A judge Tuesday afternoon signed an order prohibiting a doctor linked to the hepatitis C outbreak from practicing medicine, pending resolution of a Nevada State Board of Medical Examiners’ complaint against him.
District Judge David Wall signed the temporary restraining order against Dr. Dipak Desai, stating in the order that “imminent and irreparable harm will result” if it isn’t immediately issued.
The order was requested Monday by state Attorney General Catherine Cortez Masto on behalf of the state medical board, which had cited a need to “protect the public from further harm.”
Wall also stated in the order that the attorney general’s office had “demonstrated a likelihood of success” in its request.
An attorney for Desai, whose Endoscopy Center of Southern Nevada is at the center of the region’s health crisis, could not be reached for comment Tuesday night.
Wall is scheduled on May 8 to decide whether he will issue a preliminary injunction against Desai.
In an informal agreement brokered by medical board president Dr. Javaid Anwar, Desai had voluntarily agreed to stop practicing medicine during the board’s investigation. Desai, a longtime friend and business associate of Anwar, was allowed to keep his license and potentially practice outside Nevada.
The attorney general’s office also requested Monday a temporary restraining order against Eladio Carrera, a co-owner of the endoscopy center on Shadow Lane with Desai and two other physicians. That request, before District Judge James Bixler, was still pending Tuesday.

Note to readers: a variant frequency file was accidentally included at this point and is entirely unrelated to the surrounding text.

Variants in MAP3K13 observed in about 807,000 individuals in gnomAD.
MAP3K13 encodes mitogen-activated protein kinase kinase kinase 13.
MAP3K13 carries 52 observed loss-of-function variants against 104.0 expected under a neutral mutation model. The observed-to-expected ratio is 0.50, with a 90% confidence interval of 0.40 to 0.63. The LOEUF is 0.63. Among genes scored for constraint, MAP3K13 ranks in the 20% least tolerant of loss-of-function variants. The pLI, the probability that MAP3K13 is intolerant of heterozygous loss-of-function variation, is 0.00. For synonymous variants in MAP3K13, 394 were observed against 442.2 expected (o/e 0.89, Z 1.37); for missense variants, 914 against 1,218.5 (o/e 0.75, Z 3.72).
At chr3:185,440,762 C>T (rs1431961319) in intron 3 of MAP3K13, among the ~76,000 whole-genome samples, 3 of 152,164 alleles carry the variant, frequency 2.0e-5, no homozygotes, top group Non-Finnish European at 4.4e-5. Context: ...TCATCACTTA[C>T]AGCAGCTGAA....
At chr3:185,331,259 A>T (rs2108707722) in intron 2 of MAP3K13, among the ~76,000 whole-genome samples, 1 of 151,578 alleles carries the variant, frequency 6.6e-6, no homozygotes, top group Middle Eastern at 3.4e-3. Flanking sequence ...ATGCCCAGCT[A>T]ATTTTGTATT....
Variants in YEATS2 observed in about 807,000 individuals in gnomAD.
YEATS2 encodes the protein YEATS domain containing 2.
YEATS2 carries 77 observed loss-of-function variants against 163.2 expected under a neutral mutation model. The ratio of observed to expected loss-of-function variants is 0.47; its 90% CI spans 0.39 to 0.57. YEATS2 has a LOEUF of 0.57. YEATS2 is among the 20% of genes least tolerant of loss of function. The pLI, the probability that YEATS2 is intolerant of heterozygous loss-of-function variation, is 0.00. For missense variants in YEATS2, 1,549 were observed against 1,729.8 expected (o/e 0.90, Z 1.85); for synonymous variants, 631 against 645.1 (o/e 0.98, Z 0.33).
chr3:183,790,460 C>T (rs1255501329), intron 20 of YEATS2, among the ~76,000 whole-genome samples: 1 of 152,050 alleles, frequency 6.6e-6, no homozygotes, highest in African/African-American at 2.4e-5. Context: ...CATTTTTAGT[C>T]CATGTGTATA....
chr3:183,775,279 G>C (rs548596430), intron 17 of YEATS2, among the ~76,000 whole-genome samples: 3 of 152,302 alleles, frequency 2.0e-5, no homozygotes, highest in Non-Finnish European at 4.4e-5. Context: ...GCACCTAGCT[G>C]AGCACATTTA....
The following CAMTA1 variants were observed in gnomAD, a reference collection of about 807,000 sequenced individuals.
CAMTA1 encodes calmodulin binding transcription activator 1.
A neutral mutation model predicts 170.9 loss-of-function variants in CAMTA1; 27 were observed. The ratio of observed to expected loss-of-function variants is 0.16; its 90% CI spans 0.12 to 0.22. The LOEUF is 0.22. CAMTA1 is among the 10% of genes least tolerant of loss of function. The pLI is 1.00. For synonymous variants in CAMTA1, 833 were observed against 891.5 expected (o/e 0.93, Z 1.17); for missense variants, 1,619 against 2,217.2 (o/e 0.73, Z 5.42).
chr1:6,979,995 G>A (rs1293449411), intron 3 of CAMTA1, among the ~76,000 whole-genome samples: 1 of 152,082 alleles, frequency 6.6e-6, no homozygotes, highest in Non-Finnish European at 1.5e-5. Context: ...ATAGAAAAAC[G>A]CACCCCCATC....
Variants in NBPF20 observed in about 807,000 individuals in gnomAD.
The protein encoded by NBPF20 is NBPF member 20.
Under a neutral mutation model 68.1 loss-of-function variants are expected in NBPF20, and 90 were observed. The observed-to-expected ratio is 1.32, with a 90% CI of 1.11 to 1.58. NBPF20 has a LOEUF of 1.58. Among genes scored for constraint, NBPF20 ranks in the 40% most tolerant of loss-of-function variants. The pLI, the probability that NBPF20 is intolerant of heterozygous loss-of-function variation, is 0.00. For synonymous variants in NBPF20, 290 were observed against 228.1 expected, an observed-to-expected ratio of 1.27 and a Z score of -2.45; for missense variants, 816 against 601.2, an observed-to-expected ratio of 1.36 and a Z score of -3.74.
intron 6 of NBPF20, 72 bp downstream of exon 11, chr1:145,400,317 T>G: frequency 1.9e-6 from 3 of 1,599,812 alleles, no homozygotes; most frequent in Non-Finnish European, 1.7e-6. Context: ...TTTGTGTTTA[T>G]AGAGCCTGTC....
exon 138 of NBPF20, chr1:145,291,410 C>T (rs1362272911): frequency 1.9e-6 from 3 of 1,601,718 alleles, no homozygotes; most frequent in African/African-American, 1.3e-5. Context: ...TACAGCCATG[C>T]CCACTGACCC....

Authorities said unsafe practices at the center led to the outbreak. The attorney general states that despite clear warnings, the endoscopy center, as a practice, reused vials of anesthesia and reused syringes, court documents state.
The complaints against Desai and Carrera claim that they performed medical procedures on three patients who were infected with hepatitis C, a potentially deadly liver disease.
Investigators with the Southern Nevada Health District think six patients contracted the disease when nurse anesthetists reused syringes on infected patients and contaminated single-use vials of anesthesia that were used on multiple patients.
The outbreak led public health officials to notify 40,000 clinic patients of possible exposure to blood-borne diseases, including hepatitis and HIV.
Health officials have since linked a seventh hepatitis C case to the Shadow Lane clinic and an eighth case to an affiliated clinic, the Desert Shadow Endoscopy Center at 4275 Burnham Ave.
Officials have yet to issue a patient notification with the Burnham clinic because they haven’t gained access to the needed medical records.
On Friday, Assemblywoman Sheila Leslie, D-Reno, and state Sen. Steven Horsford, D-Las Vegas, sent Gov. Jim Gibbons a letter asking him to urge the Board of Medical Examiners to suspend licenses of physicians associated with the hepatitis C outbreak. They also pushed the governor to appoint a special counsel to investigate the doctors.
Gibbons’ press secretary said the governor would look into whether he has the legal authority to appoint a special counsel.
The FBI, Las Vegas police, attorney general’s office, Clark County District Attorney and state medical board are involved in a criminal probe into the outbreak.
Contact reporter David Kihara at email@example.com or 702-380-1039.